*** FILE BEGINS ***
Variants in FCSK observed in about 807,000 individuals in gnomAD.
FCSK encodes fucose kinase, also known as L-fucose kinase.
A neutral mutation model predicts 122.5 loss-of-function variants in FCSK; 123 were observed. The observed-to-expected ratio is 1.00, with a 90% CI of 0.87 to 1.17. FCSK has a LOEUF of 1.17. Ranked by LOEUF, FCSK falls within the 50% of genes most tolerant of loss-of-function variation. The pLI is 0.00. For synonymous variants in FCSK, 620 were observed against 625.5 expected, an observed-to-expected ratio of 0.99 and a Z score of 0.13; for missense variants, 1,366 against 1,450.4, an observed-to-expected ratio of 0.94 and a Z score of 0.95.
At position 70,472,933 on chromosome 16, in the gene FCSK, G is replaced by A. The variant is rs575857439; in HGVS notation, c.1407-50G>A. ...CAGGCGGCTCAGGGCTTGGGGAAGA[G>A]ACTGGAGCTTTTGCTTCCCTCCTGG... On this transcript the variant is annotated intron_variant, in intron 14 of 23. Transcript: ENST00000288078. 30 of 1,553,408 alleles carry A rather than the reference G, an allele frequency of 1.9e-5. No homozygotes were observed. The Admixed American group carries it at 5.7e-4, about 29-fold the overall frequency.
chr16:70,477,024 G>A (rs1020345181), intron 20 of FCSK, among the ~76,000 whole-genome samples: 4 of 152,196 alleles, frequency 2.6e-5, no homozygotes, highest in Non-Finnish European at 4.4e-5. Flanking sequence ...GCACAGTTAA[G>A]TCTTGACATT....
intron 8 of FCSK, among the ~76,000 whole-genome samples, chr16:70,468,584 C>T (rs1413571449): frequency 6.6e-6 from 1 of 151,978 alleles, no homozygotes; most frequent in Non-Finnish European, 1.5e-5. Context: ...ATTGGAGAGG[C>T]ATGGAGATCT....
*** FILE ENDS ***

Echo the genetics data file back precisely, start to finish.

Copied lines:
Variants in FCSK observed in about 807,000 individuals in gnomAD.
FCSK encodes fucose kinase, also known as L-fucose kinase.
A neutral mutation model predicts 122.5 loss-of-function variants in FCSK; 123 were observed. The observed-to-expected ratio is 1.00, with a 90% CI of 0.87 to 1.17. FCSK has a LOEUF of 1.17. Ranked by LOEUF, FCSK falls within the 50% of genes most tolerant of loss-of-function variation. The pLI is 0.00. For synonymous variants in FCSK, 620 were observed against 625.5 expected, an observed-to-expected ratio of 0.99 and a Z score of 0.13; for missense variants, 1,366 against 1,450.4, an observed-to-expected ratio of 0.94 and a Z score of 0.95.
At position 70,472,933 on chromosome 16, in the gene FCSK, G is replaced by A. The variant is rs575857439; in HGVS notation, c.1407-50G>A. ...CAGGCGGCTCAGGGCTTGGGGAAGA[G>A]ACTGGAGCTTTTGCTTCCCTCCTGG... On this transcript the variant is annotated intron_variant, in intron 14 of 23. Transcript: ENST00000288078. 30 of 1,553,408 alleles carry A rather than the reference G, an allele frequency of 1.9e-5. No homozygotes were observed. The Admixed American group carries it at 5.7e-4, about 29-fold the overall frequency.
chr16:70,477,024 G>A (rs1020345181), intron 20 of FCSK, among the ~76,000 whole-genome samples: 4 of 152,196 alleles, frequency 2.6e-5, no homozygotes, highest in Non-Finnish European at 4.4e-5. Flanking sequence ...GCACAGTTAA[G>A]TCTTGACATT....
intron 8 of FCSK, among the ~76,000 whole-genome samples, chr16:70,468,584 C>T (rs1413571449): frequency 6.6e-6 from 1 of 151,978 alleles, no homozygotes; most frequent in Non-Finnish European, 1.5e-5. Context: ...ATTGGAGAGG[C>T]ATGGAGATCT....